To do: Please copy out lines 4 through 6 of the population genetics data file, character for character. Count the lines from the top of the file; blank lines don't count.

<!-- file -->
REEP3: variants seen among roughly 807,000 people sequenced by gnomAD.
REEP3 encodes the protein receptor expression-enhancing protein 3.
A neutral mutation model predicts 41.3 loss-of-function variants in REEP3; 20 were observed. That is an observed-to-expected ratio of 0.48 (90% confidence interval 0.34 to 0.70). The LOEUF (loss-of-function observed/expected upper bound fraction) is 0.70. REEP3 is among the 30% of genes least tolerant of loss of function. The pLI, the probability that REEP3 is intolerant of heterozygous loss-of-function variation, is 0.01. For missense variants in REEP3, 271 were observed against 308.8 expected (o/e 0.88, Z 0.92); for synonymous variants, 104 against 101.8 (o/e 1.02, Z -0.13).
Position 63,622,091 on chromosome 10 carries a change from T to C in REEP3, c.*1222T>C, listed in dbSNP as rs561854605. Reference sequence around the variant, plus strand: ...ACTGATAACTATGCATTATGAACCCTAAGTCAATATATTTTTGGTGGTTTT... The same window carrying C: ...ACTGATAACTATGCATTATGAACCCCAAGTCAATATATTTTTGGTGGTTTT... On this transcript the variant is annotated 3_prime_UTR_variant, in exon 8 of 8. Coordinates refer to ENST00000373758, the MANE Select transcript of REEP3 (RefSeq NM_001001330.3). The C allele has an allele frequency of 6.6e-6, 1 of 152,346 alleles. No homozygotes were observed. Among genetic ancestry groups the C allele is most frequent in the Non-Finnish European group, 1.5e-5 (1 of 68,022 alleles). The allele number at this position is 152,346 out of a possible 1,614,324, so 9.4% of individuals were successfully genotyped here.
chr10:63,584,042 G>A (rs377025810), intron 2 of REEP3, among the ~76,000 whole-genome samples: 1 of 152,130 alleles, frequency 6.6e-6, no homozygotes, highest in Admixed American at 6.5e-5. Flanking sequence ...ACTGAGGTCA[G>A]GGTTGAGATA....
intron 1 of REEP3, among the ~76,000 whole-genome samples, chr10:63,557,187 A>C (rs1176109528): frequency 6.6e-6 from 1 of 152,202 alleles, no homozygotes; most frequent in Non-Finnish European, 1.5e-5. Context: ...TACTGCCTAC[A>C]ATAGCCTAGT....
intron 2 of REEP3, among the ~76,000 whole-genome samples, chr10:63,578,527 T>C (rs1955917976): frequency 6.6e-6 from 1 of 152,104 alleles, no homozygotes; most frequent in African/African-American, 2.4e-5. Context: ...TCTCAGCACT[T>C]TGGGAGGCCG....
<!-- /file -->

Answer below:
Position 63,622,091 on chromosome 10 carries a change from T to C in REEP3, c.*1222T>C, listed in dbSNP as rs561854605. Reference sequence around the variant, plus strand: ...ACTGATAACTATGCATTATGAACCCTAAGTCAATATATTTTTGGTGGTTTT... The same window carrying C: ...ACTGATAACTATGCATTATGAACCCCAAGTCAATATATTTTTGGTGGTTTT... On this transcript the variant is annotated 3_prime_UTR_variant, in exon 8 of 8. Coordinates refer to ENST00000373758, the MANE Select transcript of REEP3 (RefSeq NM_001001330.3). The C allele has an allele frequency of 6.6e-6, 1 of 152,346 alleles. No homozygotes were observed. Among genetic ancestry groups the C allele is most frequent in the Non-Finnish European group, 1.5e-5 (1 of 68,022 alleles). The allele number at this position is 152,346 out of a possible 1,614,324, so 9.4% of individuals were successfully genotyped here.
chr10:63,584,042 G>A (rs377025810), intron 2 of REEP3, among the ~76,000 whole-genome samples: 1 of 152,130 alleles, frequency 6.6e-6, no homozygotes, highest in Admixed American at 6.5e-5. Flanking sequence ...ACTGAGGTCA[G>A]GGTTGAGATA....
intron 1 of REEP3, among the ~76,000 whole-genome samples, chr10:63,557,187 A>C (rs1176109528): frequency 6.6e-6 from 1 of 152,202 alleles, no homozygotes; most frequent in Non-Finnish European, 1.5e-5. Context: ...TACTGCCTAC[A>C]ATAGCCTAGT....